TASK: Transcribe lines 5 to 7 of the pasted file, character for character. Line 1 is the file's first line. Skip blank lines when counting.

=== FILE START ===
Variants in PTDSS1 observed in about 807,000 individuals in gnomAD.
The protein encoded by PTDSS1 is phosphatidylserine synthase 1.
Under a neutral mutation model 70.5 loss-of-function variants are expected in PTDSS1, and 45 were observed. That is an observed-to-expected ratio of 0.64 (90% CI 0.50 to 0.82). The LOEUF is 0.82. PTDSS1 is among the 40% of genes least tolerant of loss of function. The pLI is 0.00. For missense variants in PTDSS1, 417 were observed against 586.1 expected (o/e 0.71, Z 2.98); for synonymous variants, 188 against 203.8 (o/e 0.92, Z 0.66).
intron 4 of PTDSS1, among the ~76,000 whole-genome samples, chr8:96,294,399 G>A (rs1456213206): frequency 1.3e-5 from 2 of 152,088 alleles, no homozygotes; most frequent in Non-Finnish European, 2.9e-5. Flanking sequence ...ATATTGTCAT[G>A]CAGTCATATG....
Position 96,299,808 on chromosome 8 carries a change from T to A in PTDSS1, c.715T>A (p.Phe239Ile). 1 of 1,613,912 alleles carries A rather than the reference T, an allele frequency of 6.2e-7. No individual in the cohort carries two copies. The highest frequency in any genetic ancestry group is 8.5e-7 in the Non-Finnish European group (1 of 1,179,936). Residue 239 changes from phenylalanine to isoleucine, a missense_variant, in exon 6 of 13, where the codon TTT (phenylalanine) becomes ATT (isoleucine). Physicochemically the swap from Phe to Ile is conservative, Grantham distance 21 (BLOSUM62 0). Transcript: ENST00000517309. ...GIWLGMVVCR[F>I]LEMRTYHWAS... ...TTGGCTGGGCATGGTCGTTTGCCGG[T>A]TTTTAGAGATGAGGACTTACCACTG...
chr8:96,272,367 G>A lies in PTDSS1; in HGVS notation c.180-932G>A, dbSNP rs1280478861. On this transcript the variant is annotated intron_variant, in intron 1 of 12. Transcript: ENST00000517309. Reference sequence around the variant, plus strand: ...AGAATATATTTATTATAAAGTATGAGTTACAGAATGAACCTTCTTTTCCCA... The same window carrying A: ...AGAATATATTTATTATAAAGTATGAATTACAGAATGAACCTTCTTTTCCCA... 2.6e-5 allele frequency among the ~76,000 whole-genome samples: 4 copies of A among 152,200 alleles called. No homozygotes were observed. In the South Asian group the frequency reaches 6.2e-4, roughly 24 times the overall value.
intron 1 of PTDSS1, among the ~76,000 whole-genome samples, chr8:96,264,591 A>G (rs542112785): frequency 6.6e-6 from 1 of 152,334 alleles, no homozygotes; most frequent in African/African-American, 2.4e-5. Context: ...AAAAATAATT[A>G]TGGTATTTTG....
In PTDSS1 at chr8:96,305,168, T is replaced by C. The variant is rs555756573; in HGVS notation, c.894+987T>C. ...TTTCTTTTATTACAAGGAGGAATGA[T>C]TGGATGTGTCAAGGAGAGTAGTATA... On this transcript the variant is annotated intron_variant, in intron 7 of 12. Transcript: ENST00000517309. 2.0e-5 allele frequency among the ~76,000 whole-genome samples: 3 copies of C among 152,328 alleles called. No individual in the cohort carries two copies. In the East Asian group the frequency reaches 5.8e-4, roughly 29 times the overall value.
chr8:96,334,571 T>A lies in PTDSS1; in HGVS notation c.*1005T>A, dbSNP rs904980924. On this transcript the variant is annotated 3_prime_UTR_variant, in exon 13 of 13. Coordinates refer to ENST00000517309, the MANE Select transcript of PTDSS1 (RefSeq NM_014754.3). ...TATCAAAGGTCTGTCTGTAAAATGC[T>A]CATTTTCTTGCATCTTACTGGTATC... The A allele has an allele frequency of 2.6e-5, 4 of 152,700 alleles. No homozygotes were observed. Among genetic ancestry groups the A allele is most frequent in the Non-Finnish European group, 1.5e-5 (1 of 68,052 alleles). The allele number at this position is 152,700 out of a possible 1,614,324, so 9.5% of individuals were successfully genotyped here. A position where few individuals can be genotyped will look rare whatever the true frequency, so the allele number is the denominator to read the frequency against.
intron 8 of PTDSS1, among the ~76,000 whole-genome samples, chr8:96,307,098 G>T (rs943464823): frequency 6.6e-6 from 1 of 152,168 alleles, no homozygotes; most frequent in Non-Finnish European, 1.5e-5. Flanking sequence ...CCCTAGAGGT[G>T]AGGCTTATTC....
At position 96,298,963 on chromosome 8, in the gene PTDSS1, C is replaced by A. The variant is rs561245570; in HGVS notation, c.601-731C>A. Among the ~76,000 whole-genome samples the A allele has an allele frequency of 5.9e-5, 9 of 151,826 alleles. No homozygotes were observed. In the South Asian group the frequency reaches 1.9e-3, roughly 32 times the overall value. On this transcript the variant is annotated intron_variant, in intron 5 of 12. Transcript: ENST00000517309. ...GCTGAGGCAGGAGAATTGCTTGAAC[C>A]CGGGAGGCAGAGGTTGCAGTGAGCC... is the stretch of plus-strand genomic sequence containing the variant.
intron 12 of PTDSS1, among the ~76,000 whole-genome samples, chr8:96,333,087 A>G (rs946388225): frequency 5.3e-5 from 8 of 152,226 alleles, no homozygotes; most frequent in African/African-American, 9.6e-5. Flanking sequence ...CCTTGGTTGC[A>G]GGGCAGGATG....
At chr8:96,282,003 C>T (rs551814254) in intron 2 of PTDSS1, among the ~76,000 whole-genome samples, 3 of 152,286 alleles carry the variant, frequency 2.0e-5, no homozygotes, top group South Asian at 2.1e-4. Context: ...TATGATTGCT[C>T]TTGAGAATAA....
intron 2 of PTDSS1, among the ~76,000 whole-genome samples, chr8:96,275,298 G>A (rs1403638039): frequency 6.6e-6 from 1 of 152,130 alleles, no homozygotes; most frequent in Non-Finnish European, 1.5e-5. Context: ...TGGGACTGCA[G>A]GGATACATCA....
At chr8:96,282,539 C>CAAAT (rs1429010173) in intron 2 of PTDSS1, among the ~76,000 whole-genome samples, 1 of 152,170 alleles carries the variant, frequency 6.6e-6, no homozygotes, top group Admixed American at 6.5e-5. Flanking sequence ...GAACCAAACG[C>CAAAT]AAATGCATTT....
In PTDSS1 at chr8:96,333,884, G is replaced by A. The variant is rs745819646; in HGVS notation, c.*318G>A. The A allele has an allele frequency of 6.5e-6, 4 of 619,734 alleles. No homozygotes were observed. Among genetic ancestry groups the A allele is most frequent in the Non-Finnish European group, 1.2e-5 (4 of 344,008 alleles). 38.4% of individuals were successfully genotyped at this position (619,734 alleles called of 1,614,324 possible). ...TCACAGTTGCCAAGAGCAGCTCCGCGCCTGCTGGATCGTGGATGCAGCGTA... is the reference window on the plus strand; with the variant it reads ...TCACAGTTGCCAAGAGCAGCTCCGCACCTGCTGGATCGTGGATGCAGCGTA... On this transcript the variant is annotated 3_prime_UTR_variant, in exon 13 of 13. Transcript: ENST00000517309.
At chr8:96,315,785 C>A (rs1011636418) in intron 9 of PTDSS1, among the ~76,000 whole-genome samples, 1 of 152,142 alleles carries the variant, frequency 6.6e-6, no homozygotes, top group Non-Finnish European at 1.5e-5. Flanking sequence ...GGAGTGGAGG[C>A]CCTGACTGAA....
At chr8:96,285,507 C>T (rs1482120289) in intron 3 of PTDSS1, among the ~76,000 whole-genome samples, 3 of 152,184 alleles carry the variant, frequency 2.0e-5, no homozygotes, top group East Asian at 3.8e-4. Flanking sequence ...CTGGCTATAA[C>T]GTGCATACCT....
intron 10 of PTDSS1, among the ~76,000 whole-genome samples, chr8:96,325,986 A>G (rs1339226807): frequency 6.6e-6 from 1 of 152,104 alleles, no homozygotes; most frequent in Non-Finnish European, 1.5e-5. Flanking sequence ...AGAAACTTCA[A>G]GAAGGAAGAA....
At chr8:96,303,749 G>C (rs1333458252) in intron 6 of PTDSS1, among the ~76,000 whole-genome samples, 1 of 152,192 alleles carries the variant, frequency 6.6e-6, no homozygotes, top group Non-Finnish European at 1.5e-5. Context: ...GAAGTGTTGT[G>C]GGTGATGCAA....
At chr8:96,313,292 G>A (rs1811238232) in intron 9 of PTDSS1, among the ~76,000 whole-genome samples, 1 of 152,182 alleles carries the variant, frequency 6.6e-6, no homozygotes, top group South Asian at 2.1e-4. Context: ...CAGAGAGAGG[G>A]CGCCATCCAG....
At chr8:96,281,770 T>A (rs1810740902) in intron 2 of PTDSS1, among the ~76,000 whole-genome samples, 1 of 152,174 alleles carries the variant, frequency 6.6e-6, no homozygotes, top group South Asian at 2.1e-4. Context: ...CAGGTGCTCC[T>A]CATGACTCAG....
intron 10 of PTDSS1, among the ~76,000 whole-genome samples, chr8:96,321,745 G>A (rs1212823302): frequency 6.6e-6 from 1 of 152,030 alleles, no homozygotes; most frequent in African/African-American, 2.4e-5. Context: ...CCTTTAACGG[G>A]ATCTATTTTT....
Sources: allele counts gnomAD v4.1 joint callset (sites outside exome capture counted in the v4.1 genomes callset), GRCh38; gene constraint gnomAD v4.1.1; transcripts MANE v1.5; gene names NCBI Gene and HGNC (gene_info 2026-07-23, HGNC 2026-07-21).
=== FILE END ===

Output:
Position 96,299,808 on chromosome 8 carries a change from T to A in PTDSS1, c.715T>A (p.Phe239Ile). 1 of 1,613,912 alleles carries A rather than the reference T, an allele frequency of 6.2e-7. No individual in the cohort carries two copies. The highest frequency in any genetic ancestry group is 8.5e-7 in the Non-Finnish European group (1 of 1,179,936). Residue 239 changes from phenylalanine to isoleucine, a missense_variant, in exon 6 of 13, where the codon TTT (phenylalanine) becomes ATT (isoleucine). Physicochemically the swap from Phe to Ile is conservative, Grantham distance 21 (BLOSUM62 0). Transcript: ENST00000517309. ...GIWLGMVVCR[F>I]LEMRTYHWAS... ...TTGGCTGGGCATGGTCGTTTGCCGG[T>A]TTTTAGAGATGAGGACTTACCACTG...
chr8:96,272,367 G>A lies in PTDSS1; in HGVS notation c.180-932G>A, dbSNP rs1280478861. On this transcript the variant is annotated intron_variant, in intron 1 of 12. Transcript: ENST00000517309. Reference sequence around the variant, plus strand: ...AGAATATATTTATTATAAAGTATGAGTTACAGAATGAACCTTCTTTTCCCA... The same window carrying A: ...AGAATATATTTATTATAAAGTATGAATTACAGAATGAACCTTCTTTTCCCA... 2.6e-5 allele frequency among the ~76,000 whole-genome samples: 4 copies of A among 152,200 alleles called. No homozygotes were observed. In the South Asian group the frequency reaches 6.2e-4, roughly 24 times the overall value.
intron 1 of PTDSS1, among the ~76,000 whole-genome samples, chr8:96,264,591 A>G (rs542112785): frequency 6.6e-6 from 1 of 152,334 alleles, no homozygotes; most frequent in African/African-American, 2.4e-5. Context: ...AAAAATAATT[A>G]TGGTATTTTG....